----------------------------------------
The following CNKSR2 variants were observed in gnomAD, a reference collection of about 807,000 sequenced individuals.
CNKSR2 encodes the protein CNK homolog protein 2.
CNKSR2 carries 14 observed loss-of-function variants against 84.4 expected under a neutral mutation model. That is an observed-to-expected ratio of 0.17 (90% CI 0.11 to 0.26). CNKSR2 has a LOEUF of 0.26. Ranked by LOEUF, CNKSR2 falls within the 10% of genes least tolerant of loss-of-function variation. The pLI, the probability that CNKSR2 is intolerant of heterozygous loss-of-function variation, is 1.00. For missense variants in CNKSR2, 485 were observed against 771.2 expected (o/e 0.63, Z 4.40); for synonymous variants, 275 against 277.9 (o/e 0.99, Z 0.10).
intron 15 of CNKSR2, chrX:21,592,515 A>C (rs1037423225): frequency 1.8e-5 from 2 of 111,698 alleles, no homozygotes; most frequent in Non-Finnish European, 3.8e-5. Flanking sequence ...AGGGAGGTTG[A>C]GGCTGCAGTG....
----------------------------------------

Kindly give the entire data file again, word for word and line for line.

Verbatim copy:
The following CNKSR2 variants were observed in gnomAD, a reference collection of about 807,000 sequenced individuals.
CNKSR2 encodes the protein CNK homolog protein 2.
CNKSR2 carries 14 observed loss-of-function variants against 84.4 expected under a neutral mutation model. That is an observed-to-expected ratio of 0.17 (90% CI 0.11 to 0.26). CNKSR2 has a LOEUF of 0.26. Ranked by LOEUF, CNKSR2 falls within the 10% of genes least tolerant of loss-of-function variation. The pLI, the probability that CNKSR2 is intolerant of heterozygous loss-of-function variation, is 1.00. For missense variants in CNKSR2, 485 were observed against 771.2 expected (o/e 0.63, Z 4.40); for synonymous variants, 275 against 277.9 (o/e 0.99, Z 0.10).
intron 15 of CNKSR2, chrX:21,592,515 A>C (rs1037423225): frequency 1.8e-5 from 2 of 111,698 alleles, no homozygotes; most frequent in Non-Finnish European, 3.8e-5. Flanking sequence ...AGGGAGGTTG[A>C]GGCTGCAGTG....